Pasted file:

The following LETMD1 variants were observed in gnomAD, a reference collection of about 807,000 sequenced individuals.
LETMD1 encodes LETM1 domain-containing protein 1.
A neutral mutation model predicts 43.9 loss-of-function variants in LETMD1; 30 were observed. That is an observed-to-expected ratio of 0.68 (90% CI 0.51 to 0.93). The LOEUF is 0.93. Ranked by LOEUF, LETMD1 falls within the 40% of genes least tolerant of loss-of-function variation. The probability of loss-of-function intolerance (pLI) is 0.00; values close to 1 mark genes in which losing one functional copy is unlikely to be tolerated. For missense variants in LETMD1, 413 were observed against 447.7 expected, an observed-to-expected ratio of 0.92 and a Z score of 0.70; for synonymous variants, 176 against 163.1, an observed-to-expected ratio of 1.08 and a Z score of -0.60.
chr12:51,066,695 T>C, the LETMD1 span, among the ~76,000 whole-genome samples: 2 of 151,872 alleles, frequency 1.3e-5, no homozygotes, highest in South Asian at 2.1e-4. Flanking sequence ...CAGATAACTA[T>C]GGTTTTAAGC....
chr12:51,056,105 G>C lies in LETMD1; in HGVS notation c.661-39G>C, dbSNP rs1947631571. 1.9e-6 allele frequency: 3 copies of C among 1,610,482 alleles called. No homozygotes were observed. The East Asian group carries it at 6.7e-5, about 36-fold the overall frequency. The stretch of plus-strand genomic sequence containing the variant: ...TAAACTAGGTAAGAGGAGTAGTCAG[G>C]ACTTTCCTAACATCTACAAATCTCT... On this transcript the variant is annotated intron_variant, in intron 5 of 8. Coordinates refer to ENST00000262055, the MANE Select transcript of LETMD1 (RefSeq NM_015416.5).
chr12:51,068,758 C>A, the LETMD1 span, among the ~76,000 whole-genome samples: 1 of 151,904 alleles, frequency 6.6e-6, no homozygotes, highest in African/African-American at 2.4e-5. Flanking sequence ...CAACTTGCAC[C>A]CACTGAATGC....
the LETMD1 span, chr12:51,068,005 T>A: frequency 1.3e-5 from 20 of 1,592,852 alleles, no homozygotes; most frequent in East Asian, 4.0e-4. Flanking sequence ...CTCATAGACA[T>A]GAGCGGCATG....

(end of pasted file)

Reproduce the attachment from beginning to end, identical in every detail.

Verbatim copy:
The following LETMD1 variants were observed in gnomAD, a reference collection of about 807,000 sequenced individuals.
LETMD1 encodes LETM1 domain-containing protein 1.
A neutral mutation model predicts 43.9 loss-of-function variants in LETMD1; 30 were observed. That is an observed-to-expected ratio of 0.68 (90% CI 0.51 to 0.93). The LOEUF is 0.93. Ranked by LOEUF, LETMD1 falls within the 40% of genes least tolerant of loss-of-function variation. The probability of loss-of-function intolerance (pLI) is 0.00; values close to 1 mark genes in which losing one functional copy is unlikely to be tolerated. For missense variants in LETMD1, 413 were observed against 447.7 expected, an observed-to-expected ratio of 0.92 and a Z score of 0.70; for synonymous variants, 176 against 163.1, an observed-to-expected ratio of 1.08 and a Z score of -0.60.
chr12:51,066,695 T>C, the LETMD1 span, among the ~76,000 whole-genome samples: 2 of 151,872 alleles, frequency 1.3e-5, no homozygotes, highest in South Asian at 2.1e-4. Flanking sequence ...CAGATAACTA[T>C]GGTTTTAAGC....
chr12:51,056,105 G>C lies in LETMD1; in HGVS notation c.661-39G>C, dbSNP rs1947631571. 1.9e-6 allele frequency: 3 copies of C among 1,610,482 alleles called. No homozygotes were observed. The East Asian group carries it at 6.7e-5, about 36-fold the overall frequency. The stretch of plus-strand genomic sequence containing the variant: ...TAAACTAGGTAAGAGGAGTAGTCAG[G>C]ACTTTCCTAACATCTACAAATCTCT... On this transcript the variant is annotated intron_variant, in intron 5 of 8. Coordinates refer to ENST00000262055, the MANE Select transcript of LETMD1 (RefSeq NM_015416.5).
chr12:51,068,758 C>A, the LETMD1 span, among the ~76,000 whole-genome samples: 1 of 151,904 alleles, frequency 6.6e-6, no homozygotes, highest in African/African-American at 2.4e-5. Flanking sequence ...CAACTTGCAC[C>A]CACTGAATGC....
the LETMD1 span, chr12:51,068,005 T>A: frequency 1.3e-5 from 20 of 1,592,852 alleles, no homozygotes; most frequent in East Asian, 4.0e-4. Flanking sequence ...CTCATAGACA[T>A]GAGCGGCATG....